china property
image

China Property

Battle over developer China Vanke takes dramatic turn as top insurer throws support behind beleaguered company management

Anbang Insurance supports China Vanke chair Wang Shi in fight to repel takeover by Baoneng Group

PUBLISHED : Thursday, 24 December, 2015, 10:15am
UPDATED : Friday, 15 July, 2016, 10:32am

In a dramatic twist in the fight to take over China Vanke, Anbang Insurance Group, a significant shareholder of mainland China’s largest home builder, said it will support chairman Wang Shi and his management team to run the company and fend off a hostile takeover by the Baoneng group of companies.

Anbang said in an announcement, issued by Vanke on Thursday, that it approved of Vanke’s existing corporate culture and operating style. The insurer, which was cited by mainland media as an ally of Baoneng in the takeover bid of Vanke, said it would support the existing management and its business strategy in property and property finance.

Vanke also said in a separate announcement that it welcomed Anbang, a well-known Chinese insurer which led the purchase of the iconic Waldorf Astoria hotel in New York, as a major shareholder.

Anbang Insurance Group increased its holdings of China Vanke’s A shares to more than 7 per cent before trading in the stock was suspended last Friday.

The support of Anbang brings the shareholding of Wang Shi’s alliance which includes China Resources Holdings, Wang Shi and his management team to about 30 per cent. It exceeds rival Baoneng’s 23.52 per cent holding.

In an earlier meeting with investment bank Credit Suisse on December 23, Wang said it had rejected overtures from Baoneng and its group due to different corporate cultures.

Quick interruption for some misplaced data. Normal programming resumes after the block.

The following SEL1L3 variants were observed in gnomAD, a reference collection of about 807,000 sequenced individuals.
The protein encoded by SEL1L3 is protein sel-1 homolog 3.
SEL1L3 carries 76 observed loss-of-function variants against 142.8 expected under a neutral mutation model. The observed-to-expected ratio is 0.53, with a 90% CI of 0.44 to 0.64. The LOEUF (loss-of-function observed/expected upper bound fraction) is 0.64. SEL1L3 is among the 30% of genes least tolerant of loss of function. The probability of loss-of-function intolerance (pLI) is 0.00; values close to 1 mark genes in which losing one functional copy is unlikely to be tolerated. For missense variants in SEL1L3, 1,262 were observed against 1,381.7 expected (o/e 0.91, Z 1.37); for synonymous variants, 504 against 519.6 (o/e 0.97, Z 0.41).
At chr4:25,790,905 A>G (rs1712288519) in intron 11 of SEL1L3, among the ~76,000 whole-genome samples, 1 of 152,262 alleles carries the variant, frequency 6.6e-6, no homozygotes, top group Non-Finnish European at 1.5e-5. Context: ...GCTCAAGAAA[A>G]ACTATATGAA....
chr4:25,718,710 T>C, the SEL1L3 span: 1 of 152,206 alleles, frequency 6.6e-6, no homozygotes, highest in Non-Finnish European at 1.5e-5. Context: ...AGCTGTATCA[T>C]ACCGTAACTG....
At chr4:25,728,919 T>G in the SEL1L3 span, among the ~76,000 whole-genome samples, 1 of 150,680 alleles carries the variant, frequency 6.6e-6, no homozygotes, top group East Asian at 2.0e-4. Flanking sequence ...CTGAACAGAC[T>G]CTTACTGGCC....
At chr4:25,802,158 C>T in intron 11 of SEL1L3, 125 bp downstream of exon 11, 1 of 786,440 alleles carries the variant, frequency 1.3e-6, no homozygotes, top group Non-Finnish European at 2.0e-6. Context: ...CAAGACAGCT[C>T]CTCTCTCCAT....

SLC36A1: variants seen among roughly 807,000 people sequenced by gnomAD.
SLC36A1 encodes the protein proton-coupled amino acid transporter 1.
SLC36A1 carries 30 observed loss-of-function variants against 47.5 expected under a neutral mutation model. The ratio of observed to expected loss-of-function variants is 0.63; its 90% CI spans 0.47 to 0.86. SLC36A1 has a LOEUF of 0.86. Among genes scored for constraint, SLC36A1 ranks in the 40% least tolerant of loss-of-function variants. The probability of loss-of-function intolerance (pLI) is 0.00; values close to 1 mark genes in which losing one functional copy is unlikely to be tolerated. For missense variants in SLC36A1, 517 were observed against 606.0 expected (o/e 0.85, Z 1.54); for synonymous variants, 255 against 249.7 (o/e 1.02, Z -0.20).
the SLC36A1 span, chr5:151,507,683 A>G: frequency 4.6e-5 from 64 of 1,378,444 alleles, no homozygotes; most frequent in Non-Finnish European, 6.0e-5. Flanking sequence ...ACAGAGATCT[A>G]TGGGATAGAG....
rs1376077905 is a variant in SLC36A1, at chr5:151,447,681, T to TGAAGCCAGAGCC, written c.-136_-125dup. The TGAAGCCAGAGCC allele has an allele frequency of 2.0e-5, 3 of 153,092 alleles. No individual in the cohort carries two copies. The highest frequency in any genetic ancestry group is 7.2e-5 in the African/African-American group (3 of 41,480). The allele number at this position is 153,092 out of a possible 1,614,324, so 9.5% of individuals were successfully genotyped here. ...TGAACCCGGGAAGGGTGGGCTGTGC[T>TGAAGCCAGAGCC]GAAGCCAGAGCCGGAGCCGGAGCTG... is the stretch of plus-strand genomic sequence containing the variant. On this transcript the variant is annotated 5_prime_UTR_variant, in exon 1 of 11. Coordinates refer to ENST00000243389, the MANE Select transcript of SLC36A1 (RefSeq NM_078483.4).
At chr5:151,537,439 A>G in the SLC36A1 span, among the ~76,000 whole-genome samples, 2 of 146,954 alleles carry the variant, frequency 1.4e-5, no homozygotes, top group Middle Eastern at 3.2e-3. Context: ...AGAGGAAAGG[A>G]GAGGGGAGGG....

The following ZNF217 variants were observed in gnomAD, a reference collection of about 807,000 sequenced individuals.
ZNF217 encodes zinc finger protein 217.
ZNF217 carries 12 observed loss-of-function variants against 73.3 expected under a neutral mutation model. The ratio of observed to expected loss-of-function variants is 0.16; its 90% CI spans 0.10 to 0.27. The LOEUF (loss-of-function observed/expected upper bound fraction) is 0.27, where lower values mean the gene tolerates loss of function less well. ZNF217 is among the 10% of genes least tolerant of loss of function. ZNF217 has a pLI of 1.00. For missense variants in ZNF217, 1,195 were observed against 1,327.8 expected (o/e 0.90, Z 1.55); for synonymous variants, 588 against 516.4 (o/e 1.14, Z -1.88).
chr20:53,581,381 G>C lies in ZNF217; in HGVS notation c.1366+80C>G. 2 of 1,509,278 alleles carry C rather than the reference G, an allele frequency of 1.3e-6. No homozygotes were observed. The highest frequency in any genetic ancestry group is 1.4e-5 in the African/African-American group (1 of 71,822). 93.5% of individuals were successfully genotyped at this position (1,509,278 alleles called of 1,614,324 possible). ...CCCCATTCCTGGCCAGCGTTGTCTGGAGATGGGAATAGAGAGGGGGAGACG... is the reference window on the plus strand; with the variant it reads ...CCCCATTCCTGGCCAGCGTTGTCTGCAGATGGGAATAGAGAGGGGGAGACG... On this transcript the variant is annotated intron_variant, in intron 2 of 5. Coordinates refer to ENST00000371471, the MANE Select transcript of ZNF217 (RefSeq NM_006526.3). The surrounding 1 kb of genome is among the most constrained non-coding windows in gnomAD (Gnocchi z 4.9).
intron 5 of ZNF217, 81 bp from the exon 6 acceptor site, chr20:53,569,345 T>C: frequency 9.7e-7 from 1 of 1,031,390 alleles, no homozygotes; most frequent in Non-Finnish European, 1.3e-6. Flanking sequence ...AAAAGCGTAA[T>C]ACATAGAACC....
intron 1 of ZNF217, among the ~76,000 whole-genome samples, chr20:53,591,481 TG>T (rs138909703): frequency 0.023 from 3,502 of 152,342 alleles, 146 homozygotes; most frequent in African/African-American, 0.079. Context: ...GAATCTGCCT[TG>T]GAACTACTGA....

“Vanke management and I do not mind making compromise. What I value most is the corporate culture,” said Wang. He said the management has not enough money to block the bid. “We need all shareholders’ support. If you like out culture, you approve of our operating style, please support us,” Wang told investors.

Wang added that with Baoneng’s shares in Vanke, they would enter the board of directors sooner or later. ‘But they are not big enough to easily change the management team and board of directors,” he said.

The battle heated up on December 4 when Vanke said Baoneng, through Jushenghua and Foresea, held a combined 20 per cent stake, overtaking China Resources to become Vanke’s largest shareholder. As of December 11, that stake had risen to 22.45 per cent.

On Friday, Vanke asked that its Hong Kong and Shenzhen shares be suspended pending a planned share issue for acquisitions. Two days later, Vanke said in a filing that it would disclose the restructuring plan before January 18.

In response to Baoneng’s moves, Wang said last Thursday that he did not welcome Baoneng, questioning the company’s credibility and financing capacity.

Baoneng, controlled by Yao Zhenhua, is a privately owned property developer and financial-services group based in Shenzhen. By December 15, it had raised its stake in Vanke to 23.52 per cent.

David Hong, the head of research at consultancy China Real Estate Information Corp’s Hong Kong office, said he believed Vanke management may invite a third-party investor as a way to dilute Baoneng’s control over the company to fend off its attempted takeover.

“It is impossible for them to issue shares to China Resources. China Resources does not have rights to vote so that the resolution will not be passed,” said Hong.

I“Issuing new shares to dilute Baoneng’s shareholding is not an easy option,” said Hong Kong-based fund manager Lee Kwok-suen. It requires approvals from shareholders, he added.

Analysts said it is also not easy to find a new investor who can pay HK$30 billion to buy the new Vanke shares in a such a period of time, unless Wang can convince Beijing and get its support.

“The last option is to suspend the shares for a long period of time. As companies of Baoneng bought shares in Vanke through margin financing, the group will see increasing funding costs and banks will force them to repay their loans,” said Hong.

business-article-page